Researchers Confirm Third Mammoth At Mahaska Mammoth Site

The scapula (right) was prepared for transport to the University of Iowa at the last dig of the season on December 2nd. It helped to confirm that 3 different mammoths are located at the dig site. (photo by Don Hubbard)

The scapula (right) was prepared for transport to the University of Iowa at the last dig of the season on December 2nd. It helped to confirm that 3 different mammoths are located at the dig site. (photo by Don Hubbard)

Oskaloosa, Iowa – The mammoth dig at a rural Oskaloosa farm has handed down yet one more surprise. The discovery of a third mammoth at the site has the scientific world buzzing.

Sarah Horgen, The University of Iowa Museum of Natural History’s education and outreach coordinator, was quoted in IowaNow, “For Iowa, this is a first.” She went on to say, “And, for the Midwest, there are very few sites that have three or more animals.”

The scapula that was excavated at the end of the season confirmed to the researchers working on the project that indeed there are 3 different mammoth at the site. The newest is believed to also be a Woolly Mammoth, which joins the already discovered Woolly and a Columbian Mammoth.

But according to the latest, there is now doubt about there being a Columbian Mammoth. Columbian Mammoths were typically larger than their cousin the Woolly. This doubt is based upon some of the recent tooth and tusk discoveries.

Holmes Semken, a UI Professor in geo-science and has worked closely with the dig, told IowaNow that “Woolly mammoths are not as common in Iowa as their relatives, the Columbian mammoth, so the discovery of possibly three is pretty exciting.”

Art Bettis with the University of Iowa Department of Geo-science called the site earlier in the year, ““The perfect storm of organic preservation.”

During the summer months, volunteers and scientists had concentrated on the wetter portion of the ‘plunge pool’ where the bones had collected. Because of their location and the always present water, the bones and material were better preserved and could be lifted gently from their location in the blue clay. Researchers will return to that area next spring.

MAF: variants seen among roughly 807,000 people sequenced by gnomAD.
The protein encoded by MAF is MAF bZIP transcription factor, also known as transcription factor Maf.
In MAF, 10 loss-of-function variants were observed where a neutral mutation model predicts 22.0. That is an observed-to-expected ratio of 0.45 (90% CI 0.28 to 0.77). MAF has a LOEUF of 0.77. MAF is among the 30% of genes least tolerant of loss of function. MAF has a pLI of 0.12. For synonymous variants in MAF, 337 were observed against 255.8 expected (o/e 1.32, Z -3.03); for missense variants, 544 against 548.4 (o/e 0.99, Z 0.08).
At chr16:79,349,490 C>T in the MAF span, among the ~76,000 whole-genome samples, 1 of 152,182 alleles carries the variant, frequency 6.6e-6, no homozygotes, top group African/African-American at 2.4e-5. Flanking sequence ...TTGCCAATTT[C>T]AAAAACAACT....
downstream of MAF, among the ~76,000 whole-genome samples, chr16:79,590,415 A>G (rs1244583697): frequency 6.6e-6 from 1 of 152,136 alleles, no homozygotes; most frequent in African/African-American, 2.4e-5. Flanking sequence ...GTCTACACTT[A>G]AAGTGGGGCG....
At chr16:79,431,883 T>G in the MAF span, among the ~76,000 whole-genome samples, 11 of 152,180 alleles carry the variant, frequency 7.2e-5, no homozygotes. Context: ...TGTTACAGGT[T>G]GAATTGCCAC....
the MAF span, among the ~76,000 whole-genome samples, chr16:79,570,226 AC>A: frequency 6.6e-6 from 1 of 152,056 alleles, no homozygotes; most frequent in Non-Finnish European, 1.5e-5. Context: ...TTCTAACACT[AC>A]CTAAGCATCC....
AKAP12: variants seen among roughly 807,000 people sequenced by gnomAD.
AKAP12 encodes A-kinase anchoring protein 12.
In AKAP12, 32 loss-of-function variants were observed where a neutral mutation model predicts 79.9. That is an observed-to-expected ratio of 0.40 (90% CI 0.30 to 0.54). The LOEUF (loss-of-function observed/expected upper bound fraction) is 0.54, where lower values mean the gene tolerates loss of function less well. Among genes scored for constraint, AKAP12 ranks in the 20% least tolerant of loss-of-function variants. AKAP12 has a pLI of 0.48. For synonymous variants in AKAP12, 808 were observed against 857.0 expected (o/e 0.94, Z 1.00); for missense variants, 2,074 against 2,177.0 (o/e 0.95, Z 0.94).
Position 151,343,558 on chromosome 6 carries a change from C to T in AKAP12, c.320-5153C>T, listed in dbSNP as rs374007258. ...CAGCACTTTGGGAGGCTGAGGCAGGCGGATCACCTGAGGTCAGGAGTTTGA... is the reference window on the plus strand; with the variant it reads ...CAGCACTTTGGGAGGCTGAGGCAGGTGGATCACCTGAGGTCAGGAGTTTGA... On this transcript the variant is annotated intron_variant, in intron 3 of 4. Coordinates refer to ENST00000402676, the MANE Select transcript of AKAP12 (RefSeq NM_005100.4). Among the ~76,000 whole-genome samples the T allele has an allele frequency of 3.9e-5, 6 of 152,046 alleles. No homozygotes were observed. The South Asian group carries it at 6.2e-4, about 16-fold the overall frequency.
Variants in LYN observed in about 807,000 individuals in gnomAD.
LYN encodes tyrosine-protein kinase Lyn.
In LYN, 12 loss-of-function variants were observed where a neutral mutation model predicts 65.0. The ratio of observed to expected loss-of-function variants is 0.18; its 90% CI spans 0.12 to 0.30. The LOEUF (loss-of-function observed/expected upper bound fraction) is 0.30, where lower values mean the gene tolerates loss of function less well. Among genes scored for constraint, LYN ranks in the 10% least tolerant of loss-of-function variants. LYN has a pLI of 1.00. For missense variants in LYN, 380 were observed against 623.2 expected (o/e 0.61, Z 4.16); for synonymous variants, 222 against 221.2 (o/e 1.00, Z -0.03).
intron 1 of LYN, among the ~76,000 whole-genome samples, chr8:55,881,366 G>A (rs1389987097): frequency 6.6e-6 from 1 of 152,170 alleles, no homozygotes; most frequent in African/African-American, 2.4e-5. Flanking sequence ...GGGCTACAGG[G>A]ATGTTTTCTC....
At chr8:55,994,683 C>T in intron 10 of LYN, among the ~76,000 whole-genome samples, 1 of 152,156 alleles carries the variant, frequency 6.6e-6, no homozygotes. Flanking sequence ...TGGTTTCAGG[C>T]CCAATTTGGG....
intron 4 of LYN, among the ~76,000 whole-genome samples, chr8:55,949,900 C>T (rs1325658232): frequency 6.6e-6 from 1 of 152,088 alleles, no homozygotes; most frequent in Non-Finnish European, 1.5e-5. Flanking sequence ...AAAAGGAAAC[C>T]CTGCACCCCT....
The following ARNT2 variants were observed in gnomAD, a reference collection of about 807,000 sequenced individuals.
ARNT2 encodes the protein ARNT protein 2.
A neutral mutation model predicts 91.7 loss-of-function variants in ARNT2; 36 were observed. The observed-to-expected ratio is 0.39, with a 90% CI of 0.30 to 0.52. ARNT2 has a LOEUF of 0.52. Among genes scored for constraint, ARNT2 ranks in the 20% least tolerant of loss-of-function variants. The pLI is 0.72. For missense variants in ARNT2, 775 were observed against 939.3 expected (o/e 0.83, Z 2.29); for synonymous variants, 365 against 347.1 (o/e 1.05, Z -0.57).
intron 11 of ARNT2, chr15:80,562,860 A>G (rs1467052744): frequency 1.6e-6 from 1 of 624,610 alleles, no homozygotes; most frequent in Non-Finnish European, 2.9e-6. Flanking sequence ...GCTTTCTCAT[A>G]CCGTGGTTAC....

These new bones, in the drier section, have been exposed to oxygen and therefore have degraded to some extent. But with the careful work, like that being used to extract the tooth from the Earth, they will ultimately be saved.

Dave Brenzel of the Indian Creek Nature Center explained, on the last day of the dig for the season, that the belief in a smaller plunge could be much larger than first imagined. “I think we’ve probably decided that that plunge pool that we imagined, small little plunge pool, added by the ’93 flood and all, that’s nothing compared to the plunge pool that was here when there was two major rivers here.”

So far, the site has given up over 100 bones from the three different mammoths, including things like teeth and scapula. Examples of both were recovered on the December 2nd dig.

Horgan told IowaNow, “This project has already exceeded our early expectations in the amount of evidence uncovered at the site as well as the incredible educational experiences we have been able to offer Iowans of all ages who are participating in various aspects of the project.”

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Posted by on Jan 9 2013. Filed under Local News. You can follow any responses to this entry through the RSS 2.0. Responses are currently closed, but you can trackback from your own site.

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